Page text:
Laurel EHV-1 scare shows fragility, connectedness of equine population
by Frank Vespe
Trainer Tony Aguirre and one of his owners, Chris Sterbenz, had hoped to kick off Sunday’s Laurel Park card with a win. The two men were slated to send Chef Karen postward in the day’s opener, and she was, at 9-2, one of the logical contenders.
But they were forced to scratch her, and the reason behind that scratch emphasizes the fragility – and the interconnectedness – of horse populations everywhere.
Now they anxiously await the results of a test for equine herpesvirus (EHV-1) that will be conducted on a horse named English Tudor Tuesday, January 23.
English Tudor is about as nondescript as a racehorse can be: a runner who’s made nine career starts with a single third-place finish his best-ever result. He’s earned less than $6,000. Yet he’s now the central actor in a drama that has caught up a couple dozen horses.
He began his career in Tres Abbott’s barn before being claimed by King Leatherbury. He was sent to New Bolton Center to be gelded and then transferred to Aguirre’s care.
“All I got (from the owner) was, ‘I’m sending you a horse,’” Aguirre said.
Aguirre, whose 10-horse operation is based in Laurel Park’s barn 20, was hopeful about his new charge. English Tudor is a stallwalker, Aguirre said, constantly moving around his stall. Aguirre cut down the size of the stall to limit the walking, and English Tudor seemed to be responding well.
“He was eating, training, doing everything right,” the trainer said. “No temperature, horse is eating through his feed tub, doing well.”
Meanwhile, at New Bolton, a horse that had been admitted for unrelated medical issues began showing neurologic signs of equine herpesvirus Myeloencephalopathy and tested positive for EHV-1 on January 16. That horse had to be euthanized.
That’s when Aguirre got the call from New Bolton.
“They said, ‘We think your horse is going to be fine, BUT…,’” Aguirre said.
It was a pretty big “but.” The concern was that English Tudor may have been exposed to the virus that led to the other horse’s death. EHV-1 can be transmitted both directly, via horse-to-horse contact, and indirectly through contact with other physical objects contaminated with the virus.
English Tudor wasn’t showing any signs of illness, but that can change quickly. Aguirre was told to monitor the horse’s temperature, which through Sunday had remained in the normal range.
He was also told, he said, by the Maryland Jockey Club to remove the horse from the grounds. That caused its own headache – “Where do you want me to take it?” he asked plaintively – before he found a logical spot.
Nasal swab and blood tests conducted on English Tudor on Friday were inconclusive. One swab came back positive, Aguirre said; the other came back negative. The blood test also came back negative. That leaves everything up in the air until Tuesday’s test.
In the meantime, though, Barn 20 is under quarantine. That affects not just Aguirre’s operation but those of other trainers under the same roof, including Linda Albert and Katy Voss. Fortunately, that barn is one of the older, and smaller, Laurel Park barns and has about 40 stalls; the newer, tent-style barns typically have over 100 horses, meaning that the impact of a quarantine of one of those barns would be much more impactful in terms of number of horses affected and how that would affect the racing product.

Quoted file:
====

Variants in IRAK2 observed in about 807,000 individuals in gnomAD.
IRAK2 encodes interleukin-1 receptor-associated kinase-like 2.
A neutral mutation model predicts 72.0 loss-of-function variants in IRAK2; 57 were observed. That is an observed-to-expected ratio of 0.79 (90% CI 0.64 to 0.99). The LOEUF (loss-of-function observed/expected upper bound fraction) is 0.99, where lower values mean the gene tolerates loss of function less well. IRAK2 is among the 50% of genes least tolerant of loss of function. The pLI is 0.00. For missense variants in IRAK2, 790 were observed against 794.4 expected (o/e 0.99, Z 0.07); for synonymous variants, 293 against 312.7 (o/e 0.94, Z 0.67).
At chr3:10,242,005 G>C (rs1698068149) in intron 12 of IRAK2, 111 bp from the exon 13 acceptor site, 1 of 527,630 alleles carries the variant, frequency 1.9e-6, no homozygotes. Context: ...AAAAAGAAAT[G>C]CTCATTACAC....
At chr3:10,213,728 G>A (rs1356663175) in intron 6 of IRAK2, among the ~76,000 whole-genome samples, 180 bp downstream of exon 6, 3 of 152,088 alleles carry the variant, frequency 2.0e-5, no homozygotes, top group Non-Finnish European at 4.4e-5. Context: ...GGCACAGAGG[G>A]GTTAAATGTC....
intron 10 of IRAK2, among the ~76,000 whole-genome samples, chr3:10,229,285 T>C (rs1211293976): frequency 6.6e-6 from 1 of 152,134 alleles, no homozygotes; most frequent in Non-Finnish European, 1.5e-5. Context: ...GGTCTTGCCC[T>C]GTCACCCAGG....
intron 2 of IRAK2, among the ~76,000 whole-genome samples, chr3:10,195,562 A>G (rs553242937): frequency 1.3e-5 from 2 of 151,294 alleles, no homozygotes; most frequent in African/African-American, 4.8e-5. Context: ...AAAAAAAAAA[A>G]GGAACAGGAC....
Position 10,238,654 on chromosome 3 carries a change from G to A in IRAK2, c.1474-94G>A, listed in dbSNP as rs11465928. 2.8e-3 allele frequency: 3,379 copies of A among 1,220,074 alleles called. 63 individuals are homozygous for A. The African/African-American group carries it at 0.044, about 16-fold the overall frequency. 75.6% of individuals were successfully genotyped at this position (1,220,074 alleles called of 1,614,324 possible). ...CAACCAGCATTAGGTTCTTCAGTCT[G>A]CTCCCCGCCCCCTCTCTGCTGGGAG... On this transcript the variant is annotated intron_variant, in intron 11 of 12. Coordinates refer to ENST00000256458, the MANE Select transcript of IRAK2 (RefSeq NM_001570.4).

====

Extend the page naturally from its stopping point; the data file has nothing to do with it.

Not only can Aguirre and the others not race until the quarantine is lifted, but they also cannot enter. Friday’s entries were drawn Sunday; if English Tudor checks out today and the quarantine is lifted, Aguirre should be able to enter horses for Saturday when those are drawn Wednesday.
“That’s my birthday,” he said. “That’s supposed to be the win on my birthday. Hopefully, they lift this quarantine and I’ll be able to run.”
Every race missed stretches a racing operation a little thinner. Chef Karen, for example, was running in a bottom-level claiming event, but even so, the winner’s share of the purse would have amounted to $8,550. That would buy some feed and pay some bills.
What’s more, Aguirre is watching some of his work get undermined. The progress he felt he’d made with English Tudor – the 50 to 100 pounds he said they’d put on him – is likely to be lost.
“We’re going to retest English Tudor on Tuesday, but mind you, he’s a stall walker,” Aguirre said. “He’s on the farm now in a stall running laps.”
Both Voss and Albert recorded victories over the prior weekend at Laurel. Aguirre, who’s had just three starters thus far in 2018, had been looking forward to a productive week upcoming. He has a runner, Overthespeedlimit, entered for Wednesday at Charles Town – if the quarantine is lifted – and more he hopes to enter for the weekend at Laurel.
Through Sunday, Aguirre said, none of the horses in the barn had shown any signs of the disease or spiked a temperature. But all the humans connected to them can do is wait, and watch.
It’s a trying situation, one in which no one is at fault, and yet the repercussions are consequential. A chain of events begins, and with no malice or ill will, continues to its logical conclusion, whatever that may be.
Still, Sterbenz, Chef Karen’s owner, was philosophical about the situation.
“They’re just being very careful and we appreciate that,” he said. “That’s all we can do for everybody.”
“The whole thing is prevention,” he said.